- Before lighting any fire, remove all greens, boughs, papers, and other decorations from fireplace area. Check to see that the flue is open.
- Use care with “fire salts,” which produce colored flames when thrown on wood fires. They contain heavy metals that can cause intense gastrointestinal irritation and vomiting if eaten. Keep them away from children.
- Do not burn wrapping papers in the fireplace. A flash fire may result as wrappings ignite suddenly and burn intensely.
Prevent Theft & Break-ins During The Holidays
- Santa comes down the chimney, not through the door or windows. Keep those locked and your blinds drawn when you aren’t home or are sleeping/otherwise occupied. Most home burglaries happen this time of year, and it would be awful to have the presents stolen along with your other treasured possessions.
Christmas Safety Tips For Children & When You Have A Baby In The House
- Keep holiday plants away from children and pets. Mistletoe, holly berries, and Christmas cactus are poisonous if swallowed.
- If you place your child in a shopping cart, always use the safety belt and never let your child stand in or push a shopping cart.
- As pointed out “Toy Safety” described above, do not give children under the age of 3 toys that contain small or metal parts or toys that break easily. An easy gauge us using an empty toilet paper roll. If a toy can fit through the roll it is too small for the child.
- Include helmets and other protective gear when giving bicycles, skates, or skateboards.
- When Christmastime approaches, you are probably looking forward to celebrating the season with your baby. This may be your baby’s first Christmas or the first real Christmas they may realize what is going on. As you prepare for Christmastime around your house, you need to realize that there may be several hazards for your baby. This is especially true if you have an older baby who is crawling or walking. You need to be mindful of your baby and keep your house safe during Christmas.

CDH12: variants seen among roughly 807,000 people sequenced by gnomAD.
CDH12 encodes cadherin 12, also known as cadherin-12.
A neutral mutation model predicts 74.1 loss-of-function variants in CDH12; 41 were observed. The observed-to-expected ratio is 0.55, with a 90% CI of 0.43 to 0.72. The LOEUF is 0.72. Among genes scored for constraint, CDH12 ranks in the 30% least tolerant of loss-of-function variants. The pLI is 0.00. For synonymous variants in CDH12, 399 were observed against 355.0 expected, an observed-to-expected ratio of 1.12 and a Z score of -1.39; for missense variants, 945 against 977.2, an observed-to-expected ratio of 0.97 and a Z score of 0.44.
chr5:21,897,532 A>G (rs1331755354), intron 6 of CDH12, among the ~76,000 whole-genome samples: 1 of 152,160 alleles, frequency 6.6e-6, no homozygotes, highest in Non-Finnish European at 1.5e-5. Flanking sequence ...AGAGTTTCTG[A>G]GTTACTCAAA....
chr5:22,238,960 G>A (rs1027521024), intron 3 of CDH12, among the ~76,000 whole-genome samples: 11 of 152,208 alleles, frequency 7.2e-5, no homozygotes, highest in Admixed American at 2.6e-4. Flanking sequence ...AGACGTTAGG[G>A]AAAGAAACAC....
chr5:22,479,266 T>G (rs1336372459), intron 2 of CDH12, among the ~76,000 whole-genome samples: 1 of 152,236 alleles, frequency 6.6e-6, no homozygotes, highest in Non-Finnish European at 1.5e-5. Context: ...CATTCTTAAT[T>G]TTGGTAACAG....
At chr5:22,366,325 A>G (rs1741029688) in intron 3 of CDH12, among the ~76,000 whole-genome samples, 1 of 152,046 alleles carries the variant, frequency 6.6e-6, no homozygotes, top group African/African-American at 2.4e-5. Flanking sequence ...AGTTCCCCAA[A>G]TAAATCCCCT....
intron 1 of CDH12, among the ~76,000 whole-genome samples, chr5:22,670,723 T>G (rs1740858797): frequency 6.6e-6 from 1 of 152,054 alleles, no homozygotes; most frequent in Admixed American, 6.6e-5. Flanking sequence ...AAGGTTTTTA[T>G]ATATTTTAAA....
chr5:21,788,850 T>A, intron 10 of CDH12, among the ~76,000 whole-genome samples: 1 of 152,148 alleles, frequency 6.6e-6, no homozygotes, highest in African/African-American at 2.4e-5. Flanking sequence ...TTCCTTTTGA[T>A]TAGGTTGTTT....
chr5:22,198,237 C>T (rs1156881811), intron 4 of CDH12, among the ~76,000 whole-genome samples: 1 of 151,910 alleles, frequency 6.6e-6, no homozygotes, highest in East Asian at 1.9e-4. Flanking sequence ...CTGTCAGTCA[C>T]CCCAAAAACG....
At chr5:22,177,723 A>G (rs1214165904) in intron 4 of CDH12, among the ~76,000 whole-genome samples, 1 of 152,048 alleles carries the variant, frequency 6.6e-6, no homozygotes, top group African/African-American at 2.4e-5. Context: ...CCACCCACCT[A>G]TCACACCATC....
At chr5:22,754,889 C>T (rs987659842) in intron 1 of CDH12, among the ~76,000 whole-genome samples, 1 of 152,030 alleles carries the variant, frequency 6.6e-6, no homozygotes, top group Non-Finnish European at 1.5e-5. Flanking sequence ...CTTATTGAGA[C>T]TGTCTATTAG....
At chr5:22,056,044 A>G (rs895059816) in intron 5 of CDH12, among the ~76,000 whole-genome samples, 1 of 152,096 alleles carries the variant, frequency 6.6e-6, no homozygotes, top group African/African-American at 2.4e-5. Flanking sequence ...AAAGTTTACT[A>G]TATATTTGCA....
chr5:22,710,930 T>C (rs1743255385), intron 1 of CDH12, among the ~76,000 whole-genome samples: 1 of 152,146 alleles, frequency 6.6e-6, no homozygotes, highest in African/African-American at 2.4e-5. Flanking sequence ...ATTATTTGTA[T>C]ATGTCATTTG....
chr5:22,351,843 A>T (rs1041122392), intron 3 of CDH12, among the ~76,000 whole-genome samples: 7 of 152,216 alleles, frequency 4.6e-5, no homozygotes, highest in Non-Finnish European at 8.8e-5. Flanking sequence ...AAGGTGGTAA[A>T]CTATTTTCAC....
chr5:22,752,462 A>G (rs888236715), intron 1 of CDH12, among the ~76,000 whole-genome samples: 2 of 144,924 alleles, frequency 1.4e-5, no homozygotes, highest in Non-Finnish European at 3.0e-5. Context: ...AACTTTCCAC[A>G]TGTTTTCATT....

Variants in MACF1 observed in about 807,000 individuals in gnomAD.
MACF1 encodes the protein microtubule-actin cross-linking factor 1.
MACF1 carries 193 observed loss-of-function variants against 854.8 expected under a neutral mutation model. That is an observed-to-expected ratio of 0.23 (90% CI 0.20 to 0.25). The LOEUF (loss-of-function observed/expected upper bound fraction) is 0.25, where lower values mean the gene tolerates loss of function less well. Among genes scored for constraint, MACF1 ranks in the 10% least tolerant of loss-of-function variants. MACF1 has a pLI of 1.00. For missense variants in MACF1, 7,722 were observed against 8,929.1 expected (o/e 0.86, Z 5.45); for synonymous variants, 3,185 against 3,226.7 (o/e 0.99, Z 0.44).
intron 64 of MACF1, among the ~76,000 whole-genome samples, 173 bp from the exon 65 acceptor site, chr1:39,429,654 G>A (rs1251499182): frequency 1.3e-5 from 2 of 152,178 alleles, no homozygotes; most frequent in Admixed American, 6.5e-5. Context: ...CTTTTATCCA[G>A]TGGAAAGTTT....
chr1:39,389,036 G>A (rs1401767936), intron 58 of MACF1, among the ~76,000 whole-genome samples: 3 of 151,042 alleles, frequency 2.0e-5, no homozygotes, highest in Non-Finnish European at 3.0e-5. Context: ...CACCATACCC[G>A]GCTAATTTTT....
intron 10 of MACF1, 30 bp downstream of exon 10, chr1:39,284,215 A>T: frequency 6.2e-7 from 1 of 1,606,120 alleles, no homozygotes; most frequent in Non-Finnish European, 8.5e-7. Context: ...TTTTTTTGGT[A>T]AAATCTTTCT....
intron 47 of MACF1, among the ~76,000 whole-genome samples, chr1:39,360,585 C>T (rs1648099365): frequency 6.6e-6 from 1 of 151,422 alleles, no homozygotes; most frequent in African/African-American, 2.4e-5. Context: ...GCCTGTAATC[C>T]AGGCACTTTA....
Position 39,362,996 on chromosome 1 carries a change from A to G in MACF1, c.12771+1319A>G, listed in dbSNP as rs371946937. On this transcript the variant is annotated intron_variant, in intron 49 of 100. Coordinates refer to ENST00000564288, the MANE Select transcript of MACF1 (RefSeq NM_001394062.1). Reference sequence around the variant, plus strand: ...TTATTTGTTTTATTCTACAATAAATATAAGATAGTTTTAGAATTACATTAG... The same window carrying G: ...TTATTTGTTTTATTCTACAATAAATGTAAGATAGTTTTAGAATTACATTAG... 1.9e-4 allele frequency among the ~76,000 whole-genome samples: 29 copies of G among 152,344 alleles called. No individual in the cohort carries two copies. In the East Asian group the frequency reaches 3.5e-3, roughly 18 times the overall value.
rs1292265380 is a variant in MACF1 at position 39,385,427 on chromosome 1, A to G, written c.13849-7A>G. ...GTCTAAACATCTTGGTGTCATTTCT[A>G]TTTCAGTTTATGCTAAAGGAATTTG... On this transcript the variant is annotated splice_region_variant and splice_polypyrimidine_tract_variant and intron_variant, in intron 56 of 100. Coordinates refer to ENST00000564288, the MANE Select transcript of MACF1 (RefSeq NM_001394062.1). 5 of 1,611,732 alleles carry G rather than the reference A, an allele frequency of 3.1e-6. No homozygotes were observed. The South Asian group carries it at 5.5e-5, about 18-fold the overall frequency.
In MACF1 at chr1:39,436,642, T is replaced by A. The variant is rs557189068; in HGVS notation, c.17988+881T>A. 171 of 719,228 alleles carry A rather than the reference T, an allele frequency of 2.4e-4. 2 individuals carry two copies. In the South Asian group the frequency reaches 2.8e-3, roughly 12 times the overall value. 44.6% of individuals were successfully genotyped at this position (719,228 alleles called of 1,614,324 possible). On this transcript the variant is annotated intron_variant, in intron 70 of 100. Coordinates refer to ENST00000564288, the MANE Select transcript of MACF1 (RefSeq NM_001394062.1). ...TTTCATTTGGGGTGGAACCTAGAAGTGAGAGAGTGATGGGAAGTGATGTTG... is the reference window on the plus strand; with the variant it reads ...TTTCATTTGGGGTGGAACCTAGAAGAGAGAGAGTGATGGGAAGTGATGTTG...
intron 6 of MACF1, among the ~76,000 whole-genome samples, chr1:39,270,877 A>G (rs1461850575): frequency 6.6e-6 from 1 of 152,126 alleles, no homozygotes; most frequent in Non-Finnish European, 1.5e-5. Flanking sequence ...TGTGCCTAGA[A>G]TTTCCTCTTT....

- Here are some ways that you can baby proof your house during Christmas and keep your baby safe and secure.
- Keep the Christmas candles to a minimum or just don’t light them. Candles can be really pretty at Christmastime, but they can also be really dangerous. If you love Christmas candles, think about using electric candles or light bulbs instead for the glow. If you still want to decorate your home with Christmas candles, just don’t light them. A baby can grab a candle and get burned badly. If you do burn a candle for Christmas, make sure it is completely out of reach of your baby and there is no way that it can fall over by pulling on a table cloth or doily.
- Don’t ever leave your baby unattended with a Christmas tree. Keep all your cords and breakable ornaments out of reach of baby. If your baby is crawling, make sure to place the breakable ornaments higher than they can reach, and the same goes for walking. If your baby is walking, you may just want to keep your breakable Christmas ornaments in the box this year. Make sure that the Christmas tree is anchored so that your baby can’t flip it over. Don’t place wrapped presents under the tree where your baby can reach them. The wrapping paper and bows will go straight into your baby’s mouth and they can choke on it.